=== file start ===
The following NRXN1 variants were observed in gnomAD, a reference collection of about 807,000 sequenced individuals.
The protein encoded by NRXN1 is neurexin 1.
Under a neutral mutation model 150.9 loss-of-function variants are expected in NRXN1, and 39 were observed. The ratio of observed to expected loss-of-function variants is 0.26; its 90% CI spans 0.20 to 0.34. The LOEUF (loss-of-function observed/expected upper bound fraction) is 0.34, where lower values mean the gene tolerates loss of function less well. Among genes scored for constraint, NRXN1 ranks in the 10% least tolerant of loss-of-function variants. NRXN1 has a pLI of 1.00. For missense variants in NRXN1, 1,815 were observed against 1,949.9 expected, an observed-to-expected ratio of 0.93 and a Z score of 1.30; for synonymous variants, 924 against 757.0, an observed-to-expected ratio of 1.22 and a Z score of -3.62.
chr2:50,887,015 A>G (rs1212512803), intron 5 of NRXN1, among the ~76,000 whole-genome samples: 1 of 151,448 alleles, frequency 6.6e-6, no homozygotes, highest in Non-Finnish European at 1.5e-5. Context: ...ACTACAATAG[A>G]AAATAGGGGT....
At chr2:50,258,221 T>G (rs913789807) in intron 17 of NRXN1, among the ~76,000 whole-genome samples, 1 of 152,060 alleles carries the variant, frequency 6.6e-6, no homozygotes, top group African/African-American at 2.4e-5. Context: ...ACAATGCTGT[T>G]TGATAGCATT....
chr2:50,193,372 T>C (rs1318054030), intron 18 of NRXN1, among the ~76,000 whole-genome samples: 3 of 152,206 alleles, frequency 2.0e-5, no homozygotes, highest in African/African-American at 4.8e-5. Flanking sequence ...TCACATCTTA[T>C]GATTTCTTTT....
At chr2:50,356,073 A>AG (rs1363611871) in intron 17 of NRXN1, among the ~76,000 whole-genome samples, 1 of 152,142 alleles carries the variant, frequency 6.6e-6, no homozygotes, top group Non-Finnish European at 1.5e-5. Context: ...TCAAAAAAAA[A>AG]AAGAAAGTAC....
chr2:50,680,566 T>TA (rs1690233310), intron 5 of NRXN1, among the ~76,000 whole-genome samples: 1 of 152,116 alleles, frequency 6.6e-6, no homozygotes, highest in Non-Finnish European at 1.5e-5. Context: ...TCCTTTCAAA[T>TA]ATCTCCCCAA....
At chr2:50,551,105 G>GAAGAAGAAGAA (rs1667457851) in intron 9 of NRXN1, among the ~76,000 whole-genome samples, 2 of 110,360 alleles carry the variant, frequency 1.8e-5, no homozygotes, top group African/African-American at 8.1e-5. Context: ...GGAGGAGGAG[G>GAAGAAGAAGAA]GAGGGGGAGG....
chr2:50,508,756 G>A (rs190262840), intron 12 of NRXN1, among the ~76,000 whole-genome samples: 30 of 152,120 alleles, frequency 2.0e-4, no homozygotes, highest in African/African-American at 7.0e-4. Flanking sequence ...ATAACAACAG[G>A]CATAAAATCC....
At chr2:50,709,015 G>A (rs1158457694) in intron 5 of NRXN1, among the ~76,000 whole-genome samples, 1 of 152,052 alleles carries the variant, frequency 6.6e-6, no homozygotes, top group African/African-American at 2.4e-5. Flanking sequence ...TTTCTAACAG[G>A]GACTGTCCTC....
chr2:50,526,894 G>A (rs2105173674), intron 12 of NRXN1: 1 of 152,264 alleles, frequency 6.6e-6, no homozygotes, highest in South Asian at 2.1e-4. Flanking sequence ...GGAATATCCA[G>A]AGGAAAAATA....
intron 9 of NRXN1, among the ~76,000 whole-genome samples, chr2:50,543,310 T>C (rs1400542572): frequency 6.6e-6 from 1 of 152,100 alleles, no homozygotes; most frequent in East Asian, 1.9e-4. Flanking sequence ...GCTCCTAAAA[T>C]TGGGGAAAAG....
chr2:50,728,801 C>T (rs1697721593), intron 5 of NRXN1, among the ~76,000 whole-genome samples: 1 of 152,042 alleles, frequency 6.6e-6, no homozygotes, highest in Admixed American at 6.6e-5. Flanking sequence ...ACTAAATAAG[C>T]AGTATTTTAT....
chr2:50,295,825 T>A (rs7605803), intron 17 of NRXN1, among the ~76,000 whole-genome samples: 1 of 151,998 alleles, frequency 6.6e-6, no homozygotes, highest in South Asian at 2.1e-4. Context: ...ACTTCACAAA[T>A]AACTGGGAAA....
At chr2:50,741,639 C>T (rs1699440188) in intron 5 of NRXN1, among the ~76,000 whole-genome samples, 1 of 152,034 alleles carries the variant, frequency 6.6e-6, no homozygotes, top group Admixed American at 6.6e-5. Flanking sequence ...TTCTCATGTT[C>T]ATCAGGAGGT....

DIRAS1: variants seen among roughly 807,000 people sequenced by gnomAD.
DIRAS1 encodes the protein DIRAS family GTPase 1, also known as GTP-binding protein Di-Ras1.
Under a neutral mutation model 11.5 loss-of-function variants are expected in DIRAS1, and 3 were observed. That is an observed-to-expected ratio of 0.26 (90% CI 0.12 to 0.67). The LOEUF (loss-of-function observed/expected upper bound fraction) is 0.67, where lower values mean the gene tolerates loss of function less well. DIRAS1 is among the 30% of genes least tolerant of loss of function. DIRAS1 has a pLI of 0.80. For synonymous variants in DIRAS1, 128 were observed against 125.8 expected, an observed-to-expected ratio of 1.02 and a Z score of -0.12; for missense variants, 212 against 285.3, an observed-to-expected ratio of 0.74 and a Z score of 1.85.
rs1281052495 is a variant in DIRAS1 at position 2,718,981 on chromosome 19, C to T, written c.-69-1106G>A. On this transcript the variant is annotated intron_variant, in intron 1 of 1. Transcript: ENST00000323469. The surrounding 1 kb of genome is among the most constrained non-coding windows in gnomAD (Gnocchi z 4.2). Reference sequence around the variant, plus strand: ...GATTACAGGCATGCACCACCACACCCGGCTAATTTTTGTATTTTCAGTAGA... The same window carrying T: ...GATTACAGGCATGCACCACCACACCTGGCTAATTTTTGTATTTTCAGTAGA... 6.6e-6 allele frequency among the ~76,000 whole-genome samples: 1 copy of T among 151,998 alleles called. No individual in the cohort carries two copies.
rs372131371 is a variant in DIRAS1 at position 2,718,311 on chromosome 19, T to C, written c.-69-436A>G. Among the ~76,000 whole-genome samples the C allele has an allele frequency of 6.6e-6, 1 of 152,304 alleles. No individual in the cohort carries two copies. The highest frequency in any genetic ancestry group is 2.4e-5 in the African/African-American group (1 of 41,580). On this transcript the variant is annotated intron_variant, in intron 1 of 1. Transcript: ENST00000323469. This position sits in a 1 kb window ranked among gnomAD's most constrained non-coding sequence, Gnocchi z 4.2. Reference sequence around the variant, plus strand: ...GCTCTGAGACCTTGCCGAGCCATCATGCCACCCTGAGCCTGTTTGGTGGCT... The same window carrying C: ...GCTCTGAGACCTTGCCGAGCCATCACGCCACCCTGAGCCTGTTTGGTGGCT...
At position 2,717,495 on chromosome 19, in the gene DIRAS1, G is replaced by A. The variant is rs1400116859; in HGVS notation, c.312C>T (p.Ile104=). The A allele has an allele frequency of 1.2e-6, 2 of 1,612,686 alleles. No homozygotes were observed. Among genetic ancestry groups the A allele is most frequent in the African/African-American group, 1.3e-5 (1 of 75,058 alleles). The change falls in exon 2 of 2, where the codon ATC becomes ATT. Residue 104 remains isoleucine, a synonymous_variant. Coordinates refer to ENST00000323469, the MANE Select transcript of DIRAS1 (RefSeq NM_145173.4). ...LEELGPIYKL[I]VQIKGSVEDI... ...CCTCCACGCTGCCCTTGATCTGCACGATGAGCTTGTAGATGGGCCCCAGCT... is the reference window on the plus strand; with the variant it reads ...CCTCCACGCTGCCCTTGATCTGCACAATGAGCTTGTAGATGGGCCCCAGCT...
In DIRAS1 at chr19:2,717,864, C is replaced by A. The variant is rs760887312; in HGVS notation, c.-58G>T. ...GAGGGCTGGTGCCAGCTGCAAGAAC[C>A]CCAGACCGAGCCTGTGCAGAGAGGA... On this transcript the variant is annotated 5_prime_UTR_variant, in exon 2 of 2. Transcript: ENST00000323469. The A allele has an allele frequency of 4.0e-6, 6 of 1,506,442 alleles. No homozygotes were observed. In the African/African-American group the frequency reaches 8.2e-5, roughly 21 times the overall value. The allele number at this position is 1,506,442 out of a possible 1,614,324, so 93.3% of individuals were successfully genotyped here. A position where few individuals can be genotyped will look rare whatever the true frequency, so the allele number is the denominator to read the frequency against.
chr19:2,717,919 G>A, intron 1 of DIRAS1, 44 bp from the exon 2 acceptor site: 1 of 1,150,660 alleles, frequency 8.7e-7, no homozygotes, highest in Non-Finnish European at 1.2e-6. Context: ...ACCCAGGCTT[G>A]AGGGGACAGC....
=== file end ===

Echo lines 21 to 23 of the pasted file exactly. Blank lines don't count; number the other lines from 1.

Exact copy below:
rs372131371 is a variant in DIRAS1 at position 2,718,311 on chromosome 19, T to C, written c.-69-436A>G. Among the ~76,000 whole-genome samples the C allele has an allele frequency of 6.6e-6, 1 of 152,304 alleles. No individual in the cohort carries two copies. The highest frequency in any genetic ancestry group is 2.4e-5 in the African/African-American group (1 of 41,580). On this transcript the variant is annotated intron_variant, in intron 1 of 1. Transcript: ENST00000323469. This position sits in a 1 kb window ranked among gnomAD's most constrained non-coding sequence, Gnocchi z 4.2. Reference sequence around the variant, plus strand: ...GCTCTGAGACCTTGCCGAGCCATCATGCCACCCTGAGCCTGTTTGGTGGCT... The same window carrying C: ...GCTCTGAGACCTTGCCGAGCCATCACGCCACCCTGAGCCTGTTTGGTGGCT...
At position 2,717,495 on chromosome 19, in the gene DIRAS1, G is replaced by A. The variant is rs1400116859; in HGVS notation, c.312C>T (p.Ile104=). The A allele has an allele frequency of 1.2e-6, 2 of 1,612,686 alleles. No homozygotes were observed. Among genetic ancestry groups the A allele is most frequent in the African/African-American group, 1.3e-5 (1 of 75,058 alleles). The change falls in exon 2 of 2, where the codon ATC becomes ATT. Residue 104 remains isoleucine, a synonymous_variant. Coordinates refer to ENST00000323469, the MANE Select transcript of DIRAS1 (RefSeq NM_145173.4). ...LEELGPIYKL[I]VQIKGSVEDI... ...CCTCCACGCTGCCCTTGATCTGCACGATGAGCTTGTAGATGGGCCCCAGCT... is the reference window on the plus strand; with the variant it reads ...CCTCCACGCTGCCCTTGATCTGCACAATGAGCTTGTAGATGGGCCCCAGCT...
In DIRAS1 at chr19:2,717,864, C is replaced by A. The variant is rs760887312; in HGVS notation, c.-58G>T. ...GAGGGCTGGTGCCAGCTGCAAGAAC[C>A]CCAGACCGAGCCTGTGCAGAGAGGA... On this transcript the variant is annotated 5_prime_UTR_variant, in exon 2 of 2. Transcript: ENST00000323469. The A allele has an allele frequency of 4.0e-6, 6 of 1,506,442 alleles. No homozygotes were observed. In the African/African-American group the frequency reaches 8.2e-5, roughly 21 times the overall value. The allele number at this position is 1,506,442 out of a possible 1,614,324, so 93.3% of individuals were successfully genotyped here. A position where few individuals can be genotyped will look rare whatever the true frequency, so the allele number is the denominator to read the frequency against.